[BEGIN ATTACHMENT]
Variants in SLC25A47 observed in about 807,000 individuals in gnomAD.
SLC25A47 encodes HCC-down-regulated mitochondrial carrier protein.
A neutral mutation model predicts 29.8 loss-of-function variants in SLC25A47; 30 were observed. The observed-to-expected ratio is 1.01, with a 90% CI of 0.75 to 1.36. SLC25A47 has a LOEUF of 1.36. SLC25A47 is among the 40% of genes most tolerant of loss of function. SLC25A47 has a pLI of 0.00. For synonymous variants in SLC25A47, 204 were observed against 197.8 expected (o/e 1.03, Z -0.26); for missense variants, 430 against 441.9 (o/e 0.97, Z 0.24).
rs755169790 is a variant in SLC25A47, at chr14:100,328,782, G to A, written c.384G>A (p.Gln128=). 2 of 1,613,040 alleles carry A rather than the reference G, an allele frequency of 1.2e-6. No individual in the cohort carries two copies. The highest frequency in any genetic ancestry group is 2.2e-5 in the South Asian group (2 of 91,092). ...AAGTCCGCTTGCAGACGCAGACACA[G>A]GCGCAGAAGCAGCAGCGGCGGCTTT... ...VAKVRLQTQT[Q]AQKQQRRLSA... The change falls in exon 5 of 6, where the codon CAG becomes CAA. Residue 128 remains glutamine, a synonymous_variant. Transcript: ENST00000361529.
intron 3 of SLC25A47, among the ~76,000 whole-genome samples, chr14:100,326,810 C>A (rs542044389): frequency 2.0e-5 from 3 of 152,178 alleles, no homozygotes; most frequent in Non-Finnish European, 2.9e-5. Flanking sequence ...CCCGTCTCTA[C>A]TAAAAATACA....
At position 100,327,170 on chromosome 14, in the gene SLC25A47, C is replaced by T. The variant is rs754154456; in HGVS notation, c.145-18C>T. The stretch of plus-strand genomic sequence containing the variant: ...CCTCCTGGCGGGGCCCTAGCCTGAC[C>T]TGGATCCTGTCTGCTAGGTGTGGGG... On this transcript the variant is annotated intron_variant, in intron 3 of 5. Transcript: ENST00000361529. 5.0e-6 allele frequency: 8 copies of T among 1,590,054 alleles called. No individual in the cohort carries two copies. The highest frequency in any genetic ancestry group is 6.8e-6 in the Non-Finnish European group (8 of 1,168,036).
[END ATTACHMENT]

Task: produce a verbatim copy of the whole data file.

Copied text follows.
Variants in SLC25A47 observed in about 807,000 individuals in gnomAD.
SLC25A47 encodes HCC-down-regulated mitochondrial carrier protein.
A neutral mutation model predicts 29.8 loss-of-function variants in SLC25A47; 30 were observed. The observed-to-expected ratio is 1.01, with a 90% CI of 0.75 to 1.36. SLC25A47 has a LOEUF of 1.36. SLC25A47 is among the 40% of genes most tolerant of loss of function. SLC25A47 has a pLI of 0.00. For synonymous variants in SLC25A47, 204 were observed against 197.8 expected (o/e 1.03, Z -0.26); for missense variants, 430 against 441.9 (o/e 0.97, Z 0.24).
rs755169790 is a variant in SLC25A47, at chr14:100,328,782, G to A, written c.384G>A (p.Gln128=). 2 of 1,613,040 alleles carry A rather than the reference G, an allele frequency of 1.2e-6. No individual in the cohort carries two copies. The highest frequency in any genetic ancestry group is 2.2e-5 in the South Asian group (2 of 91,092). ...AAGTCCGCTTGCAGACGCAGACACA[G>A]GCGCAGAAGCAGCAGCGGCGGCTTT... ...VAKVRLQTQT[Q]AQKQQRRLSA... The change falls in exon 5 of 6, where the codon CAG becomes CAA. Residue 128 remains glutamine, a synonymous_variant. Transcript: ENST00000361529.
intron 3 of SLC25A47, among the ~76,000 whole-genome samples, chr14:100,326,810 C>A (rs542044389): frequency 2.0e-5 from 3 of 152,178 alleles, no homozygotes; most frequent in Non-Finnish European, 2.9e-5. Flanking sequence ...CCCGTCTCTA[C>A]TAAAAATACA....
At position 100,327,170 on chromosome 14, in the gene SLC25A47, C is replaced by T. The variant is rs754154456; in HGVS notation, c.145-18C>T. The stretch of plus-strand genomic sequence containing the variant: ...CCTCCTGGCGGGGCCCTAGCCTGAC[C>T]TGGATCCTGTCTGCTAGGTGTGGGG... On this transcript the variant is annotated intron_variant, in intron 3 of 5. Transcript: ENST00000361529. 5.0e-6 allele frequency: 8 copies of T among 1,590,054 alleles called. No individual in the cohort carries two copies. The highest frequency in any genetic ancestry group is 6.8e-6 in the Non-Finnish European group (8 of 1,168,036).